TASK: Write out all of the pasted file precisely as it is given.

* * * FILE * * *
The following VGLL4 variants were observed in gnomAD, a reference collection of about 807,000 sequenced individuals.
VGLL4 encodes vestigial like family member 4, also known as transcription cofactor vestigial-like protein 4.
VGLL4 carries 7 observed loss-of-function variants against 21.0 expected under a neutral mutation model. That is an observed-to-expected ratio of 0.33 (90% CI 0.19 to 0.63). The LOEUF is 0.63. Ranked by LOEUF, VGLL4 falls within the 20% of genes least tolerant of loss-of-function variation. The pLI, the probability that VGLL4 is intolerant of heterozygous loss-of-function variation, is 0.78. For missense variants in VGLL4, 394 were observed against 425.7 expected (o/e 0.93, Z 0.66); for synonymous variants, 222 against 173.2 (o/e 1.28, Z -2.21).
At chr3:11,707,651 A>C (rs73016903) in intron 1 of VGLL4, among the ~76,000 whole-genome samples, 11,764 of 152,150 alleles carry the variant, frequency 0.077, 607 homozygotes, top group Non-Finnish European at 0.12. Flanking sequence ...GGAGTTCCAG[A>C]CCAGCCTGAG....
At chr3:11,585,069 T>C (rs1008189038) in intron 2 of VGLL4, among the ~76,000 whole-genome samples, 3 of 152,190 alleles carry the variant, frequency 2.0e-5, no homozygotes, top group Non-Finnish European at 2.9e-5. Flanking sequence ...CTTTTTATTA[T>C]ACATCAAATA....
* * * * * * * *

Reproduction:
The following VGLL4 variants were observed in gnomAD, a reference collection of about 807,000 sequenced individuals.
VGLL4 encodes vestigial like family member 4, also known as transcription cofactor vestigial-like protein 4.
VGLL4 carries 7 observed loss-of-function variants against 21.0 expected under a neutral mutation model. That is an observed-to-expected ratio of 0.33 (90% CI 0.19 to 0.63). The LOEUF is 0.63. Ranked by LOEUF, VGLL4 falls within the 20% of genes least tolerant of loss-of-function variation. The pLI, the probability that VGLL4 is intolerant of heterozygous loss-of-function variation, is 0.78. For missense variants in VGLL4, 394 were observed against 425.7 expected (o/e 0.93, Z 0.66); for synonymous variants, 222 against 173.2 (o/e 1.28, Z -2.21).
At chr3:11,707,651 A>C (rs73016903) in intron 1 of VGLL4, among the ~76,000 whole-genome samples, 11,764 of 152,150 alleles carry the variant, frequency 0.077, 607 homozygotes, top group Non-Finnish European at 0.12. Flanking sequence ...GGAGTTCCAG[A>C]CCAGCCTGAG....
At chr3:11,585,069 T>C (rs1008189038) in intron 2 of VGLL4, among the ~76,000 whole-genome samples, 3 of 152,190 alleles carry the variant, frequency 2.0e-5, no homozygotes, top group Non-Finnish European at 2.9e-5. Flanking sequence ...CTTTTTATTA[T>C]ACATCAAATA....